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Holocaust Webquest

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David Swisa

on 27 November 2013

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Transcript of Holocaust Webquest

Holocaust Webquest
11th Grade Social Studies
By David Swisa

History is the story of humanity. It is a record of all that has happened to mankind since our dawn. It is a collection of personal experiences which are woven together to gain an understanding of our past. In this web quest you will learn about the Holocaust through the eyes of those that experienced it, and gain a deeper first hand understanding of the events that occurred.
You will be evaluated in four different categories on this webquest.
1. Your answers to the timeline task questions are accurate and well thought out. You demonstrate a general knowledge of the events that took place prior to, during and after the Holocaust .
2.Your Timeline assignment includes key dates, events and descriptions of those events. Timelines are well organized and are in chronological order. Transitions between events are well thought out and are present between all events. The timeline must also meet all the criteria established in the rubric.
3. Your Compare and Contrast essays are well written, historically accurate and supported by facts. They must also meet all the criteria stated in the rubric.
4. Your Holocaust Exhibit project and presentation is well prepared, thought provoking and creative. Information is presented in an interesting and unique way. The Holocaust Exhibit must also meet all the criteria stated in the rubric.

Congradulations on completing your webquest! You are now well on your way to understanding the importance of multiple perspectives in history, as well as seeing how making a personal connection to history can affect how we view historical events. Good Job and keep up the good work!
Credits and references
My name is David Swisa. I am a post-graduate student at Rutgers university, and in my last year of the teacher preparation program. I hope to teach high school or college history in the near future.

Essential Questions
1. How does making a personal connection to history change our views of history?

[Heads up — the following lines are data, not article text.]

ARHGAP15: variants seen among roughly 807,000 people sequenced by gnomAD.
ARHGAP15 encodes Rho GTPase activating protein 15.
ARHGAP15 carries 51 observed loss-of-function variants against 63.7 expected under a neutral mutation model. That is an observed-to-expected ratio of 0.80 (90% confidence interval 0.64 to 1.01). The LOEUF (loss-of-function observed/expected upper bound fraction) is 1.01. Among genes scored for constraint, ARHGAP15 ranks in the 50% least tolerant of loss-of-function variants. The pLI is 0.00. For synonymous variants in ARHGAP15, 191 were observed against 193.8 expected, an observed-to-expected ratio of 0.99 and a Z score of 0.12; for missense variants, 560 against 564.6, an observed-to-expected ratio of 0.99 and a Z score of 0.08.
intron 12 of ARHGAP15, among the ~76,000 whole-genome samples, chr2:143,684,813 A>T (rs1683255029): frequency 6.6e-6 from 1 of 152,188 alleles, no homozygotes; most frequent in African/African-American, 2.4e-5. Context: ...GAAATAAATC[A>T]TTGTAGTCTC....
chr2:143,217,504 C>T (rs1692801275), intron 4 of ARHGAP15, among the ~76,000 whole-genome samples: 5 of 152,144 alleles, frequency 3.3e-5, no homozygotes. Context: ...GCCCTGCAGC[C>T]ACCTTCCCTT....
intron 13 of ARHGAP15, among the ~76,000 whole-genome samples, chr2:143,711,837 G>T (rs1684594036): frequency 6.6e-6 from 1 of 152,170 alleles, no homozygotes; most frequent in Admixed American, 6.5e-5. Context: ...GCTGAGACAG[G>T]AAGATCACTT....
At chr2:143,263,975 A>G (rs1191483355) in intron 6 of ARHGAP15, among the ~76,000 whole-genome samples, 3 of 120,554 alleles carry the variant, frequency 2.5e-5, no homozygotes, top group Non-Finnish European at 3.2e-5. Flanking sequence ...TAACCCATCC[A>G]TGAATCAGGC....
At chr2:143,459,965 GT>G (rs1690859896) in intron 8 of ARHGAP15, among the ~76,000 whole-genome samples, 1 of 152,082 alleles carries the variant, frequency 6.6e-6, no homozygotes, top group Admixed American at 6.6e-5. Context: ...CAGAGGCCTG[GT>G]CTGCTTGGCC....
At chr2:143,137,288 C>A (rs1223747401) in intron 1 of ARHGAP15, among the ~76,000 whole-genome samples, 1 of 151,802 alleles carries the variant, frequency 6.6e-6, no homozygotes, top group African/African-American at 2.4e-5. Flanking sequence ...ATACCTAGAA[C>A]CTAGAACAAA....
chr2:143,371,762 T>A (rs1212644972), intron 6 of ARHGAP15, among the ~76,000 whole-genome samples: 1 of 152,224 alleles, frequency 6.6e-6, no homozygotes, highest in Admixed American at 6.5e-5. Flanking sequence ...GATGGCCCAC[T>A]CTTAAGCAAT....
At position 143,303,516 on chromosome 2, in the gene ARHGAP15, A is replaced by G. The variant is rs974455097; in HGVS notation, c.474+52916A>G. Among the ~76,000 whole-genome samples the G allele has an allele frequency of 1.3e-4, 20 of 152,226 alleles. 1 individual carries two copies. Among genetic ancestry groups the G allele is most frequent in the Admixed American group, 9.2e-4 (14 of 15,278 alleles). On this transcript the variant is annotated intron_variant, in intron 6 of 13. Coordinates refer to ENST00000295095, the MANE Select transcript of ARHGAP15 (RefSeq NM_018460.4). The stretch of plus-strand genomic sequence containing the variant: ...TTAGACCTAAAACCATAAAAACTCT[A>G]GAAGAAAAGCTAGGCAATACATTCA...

2. Why is it important to consider different viewpoints when studying history?
Step 1
You will first study the events that lead up to the Holocaust, what happened during the Holocaust, and some of the ramifications of the Holocaust. You will then create your own personal timeline charting the events, and describing why they were significant.
Step 2
You will then read documents detailing the different views that Governments had regarding the Holocaust and write a comparative essay about them.
After that you will be reading different personal narratives from four different groups of people (survivors, perpetrators, rescuers and bystanders), and write a comparative essay.
Step 3
You will join a group of four with other classmates and come up with a presentation for your Holocaust exhibit.
You are a museum curator and are tasked with creating an exhibit on the holocaust. You will study the events that occurred during the holocaust and first hand testimonies of those who lived through it. You will then use this information to create your exhibit with your colleagues.
Bloom's Taxonomy
Part 1
Students will write three key words that pertain to the Holocaust. Students will give a brief explanation of these words and why they are important.
Students will describe which events on the Holocaust timeline they feel were the most significant and why.
Students will compile information and create their own Holocaust timeline, stating which events they thought were of significant importance and then present them to the class.
Bloom's Taxonomy
Part 2
Students will compare and contrast the different viewpoints of Governments in WWII pertaining to the Holocaust.
Students will view and then compare and contrast different viewpoints of individuals in the Holocaust. They will then describe why they believed these people felt the way that they did.
Students will create groups of four. Each group will pretend to be a museum curator and will be tasked to come up with different exhibits for a Holocaust presentation.
The first step in your web quest is to access the class Google Doc and put three things that you know about the Holocaust.
We will discuss what everyone has written in class
Remember, to view links you must exit full screen mode!

Nazi Rule
Questions :
What role did the economy play in Hitler's rise to power?
How were civil liberties affected by Hitler's rise to power?
What was the role of the SS in Nazi Germany?
What were Hitler's views on race?
How were the handicapped treated in Germany?
How did Germany's occupation policies lead to resistance movements?